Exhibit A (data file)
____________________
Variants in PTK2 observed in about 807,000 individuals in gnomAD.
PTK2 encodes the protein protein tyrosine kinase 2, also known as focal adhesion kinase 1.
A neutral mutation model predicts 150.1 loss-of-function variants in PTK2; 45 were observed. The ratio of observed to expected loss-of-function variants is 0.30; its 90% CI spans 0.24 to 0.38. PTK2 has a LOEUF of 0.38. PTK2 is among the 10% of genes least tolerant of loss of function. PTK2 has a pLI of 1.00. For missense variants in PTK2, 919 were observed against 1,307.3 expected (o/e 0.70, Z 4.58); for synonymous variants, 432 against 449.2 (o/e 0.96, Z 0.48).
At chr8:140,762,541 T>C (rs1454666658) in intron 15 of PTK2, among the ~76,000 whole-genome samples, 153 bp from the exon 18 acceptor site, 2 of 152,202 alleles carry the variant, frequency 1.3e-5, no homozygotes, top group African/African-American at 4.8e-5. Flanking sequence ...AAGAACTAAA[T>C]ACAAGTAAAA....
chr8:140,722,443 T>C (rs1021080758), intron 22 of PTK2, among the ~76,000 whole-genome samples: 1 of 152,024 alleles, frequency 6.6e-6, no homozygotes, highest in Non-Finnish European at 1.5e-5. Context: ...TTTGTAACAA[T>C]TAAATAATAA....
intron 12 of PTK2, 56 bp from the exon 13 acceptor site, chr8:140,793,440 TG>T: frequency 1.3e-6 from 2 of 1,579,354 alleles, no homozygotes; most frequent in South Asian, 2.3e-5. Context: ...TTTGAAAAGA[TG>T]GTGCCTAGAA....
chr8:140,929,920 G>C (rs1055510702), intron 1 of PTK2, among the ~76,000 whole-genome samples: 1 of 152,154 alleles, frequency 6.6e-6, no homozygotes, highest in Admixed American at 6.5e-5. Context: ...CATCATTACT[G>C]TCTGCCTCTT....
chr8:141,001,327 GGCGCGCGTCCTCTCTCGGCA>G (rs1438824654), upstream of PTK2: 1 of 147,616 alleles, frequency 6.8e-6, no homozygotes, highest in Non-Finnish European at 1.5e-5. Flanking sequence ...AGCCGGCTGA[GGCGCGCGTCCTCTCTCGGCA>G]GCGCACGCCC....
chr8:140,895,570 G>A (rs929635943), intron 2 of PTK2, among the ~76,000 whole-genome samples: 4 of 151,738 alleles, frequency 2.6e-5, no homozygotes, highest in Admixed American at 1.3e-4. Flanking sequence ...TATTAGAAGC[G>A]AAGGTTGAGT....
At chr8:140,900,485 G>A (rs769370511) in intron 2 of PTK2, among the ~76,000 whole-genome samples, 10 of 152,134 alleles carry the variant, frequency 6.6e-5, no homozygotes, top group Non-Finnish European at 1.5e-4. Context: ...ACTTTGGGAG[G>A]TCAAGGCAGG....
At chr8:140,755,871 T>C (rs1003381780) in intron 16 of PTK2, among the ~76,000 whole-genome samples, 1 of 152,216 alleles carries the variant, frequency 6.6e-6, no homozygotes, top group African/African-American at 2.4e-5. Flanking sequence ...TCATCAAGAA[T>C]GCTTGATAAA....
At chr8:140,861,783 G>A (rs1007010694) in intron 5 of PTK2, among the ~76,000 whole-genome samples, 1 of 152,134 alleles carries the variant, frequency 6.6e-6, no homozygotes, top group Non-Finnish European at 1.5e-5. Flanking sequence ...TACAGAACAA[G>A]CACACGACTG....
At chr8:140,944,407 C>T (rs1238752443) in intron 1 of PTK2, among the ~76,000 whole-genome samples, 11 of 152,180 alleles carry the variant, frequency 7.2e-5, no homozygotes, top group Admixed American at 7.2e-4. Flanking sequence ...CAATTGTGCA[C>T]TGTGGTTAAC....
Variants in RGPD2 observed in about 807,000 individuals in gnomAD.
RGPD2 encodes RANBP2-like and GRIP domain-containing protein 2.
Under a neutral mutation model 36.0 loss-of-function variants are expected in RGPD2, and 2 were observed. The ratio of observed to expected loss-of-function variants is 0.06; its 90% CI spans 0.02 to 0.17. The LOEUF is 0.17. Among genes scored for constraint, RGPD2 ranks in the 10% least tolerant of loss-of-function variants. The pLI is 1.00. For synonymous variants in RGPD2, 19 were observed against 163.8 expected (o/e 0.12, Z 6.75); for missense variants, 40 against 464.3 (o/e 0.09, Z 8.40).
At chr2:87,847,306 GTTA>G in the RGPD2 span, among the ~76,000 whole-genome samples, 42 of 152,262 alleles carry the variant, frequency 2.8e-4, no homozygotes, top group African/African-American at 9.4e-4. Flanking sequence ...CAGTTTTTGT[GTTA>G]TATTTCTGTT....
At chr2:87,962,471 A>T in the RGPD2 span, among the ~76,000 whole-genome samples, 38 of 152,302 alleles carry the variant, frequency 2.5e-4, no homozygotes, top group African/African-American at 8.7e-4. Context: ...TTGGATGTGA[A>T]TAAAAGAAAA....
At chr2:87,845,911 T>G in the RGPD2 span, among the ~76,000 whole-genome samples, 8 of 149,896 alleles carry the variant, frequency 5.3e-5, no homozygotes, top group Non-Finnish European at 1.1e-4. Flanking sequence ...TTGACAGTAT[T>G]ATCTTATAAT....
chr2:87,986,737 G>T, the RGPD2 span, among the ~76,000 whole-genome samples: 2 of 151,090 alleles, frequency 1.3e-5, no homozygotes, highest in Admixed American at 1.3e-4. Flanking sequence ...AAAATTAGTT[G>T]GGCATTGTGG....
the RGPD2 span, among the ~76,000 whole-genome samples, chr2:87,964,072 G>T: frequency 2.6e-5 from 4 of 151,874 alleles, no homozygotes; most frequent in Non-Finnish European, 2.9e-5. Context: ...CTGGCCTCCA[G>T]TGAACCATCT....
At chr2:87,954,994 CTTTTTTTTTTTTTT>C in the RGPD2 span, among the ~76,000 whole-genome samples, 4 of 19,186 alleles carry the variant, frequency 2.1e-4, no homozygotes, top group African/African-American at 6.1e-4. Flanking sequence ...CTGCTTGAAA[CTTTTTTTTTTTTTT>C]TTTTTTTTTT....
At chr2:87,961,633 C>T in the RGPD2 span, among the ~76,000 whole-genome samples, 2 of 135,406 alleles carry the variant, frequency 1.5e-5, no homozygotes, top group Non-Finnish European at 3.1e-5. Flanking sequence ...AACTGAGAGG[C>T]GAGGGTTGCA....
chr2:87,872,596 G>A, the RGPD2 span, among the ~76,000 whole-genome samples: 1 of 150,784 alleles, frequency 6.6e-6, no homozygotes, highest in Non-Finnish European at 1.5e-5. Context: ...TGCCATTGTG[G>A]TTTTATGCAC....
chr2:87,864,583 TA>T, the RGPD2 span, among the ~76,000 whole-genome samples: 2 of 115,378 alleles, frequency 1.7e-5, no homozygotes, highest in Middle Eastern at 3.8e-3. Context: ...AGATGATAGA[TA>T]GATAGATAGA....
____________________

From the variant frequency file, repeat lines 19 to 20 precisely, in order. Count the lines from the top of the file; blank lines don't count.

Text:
At chr2:87,845,911 T>G in the RGPD2 span, among the ~76,000 whole-genome samples, 8 of 149,896 alleles carry the variant, frequency 5.3e-5, no homozygotes, top group Non-Finnish European at 1.1e-4. Flanking sequence ...TTGACAGTAT[T>G]ATCTTATAAT....
chr2:87,986,737 G>T, the RGPD2 span, among the ~76,000 whole-genome samples: 2 of 151,090 alleles, frequency 1.3e-5, no homozygotes, highest in Admixed American at 1.3e-4. Flanking sequence ...AAAATTAGTT[G>T]GGCATTGTGG....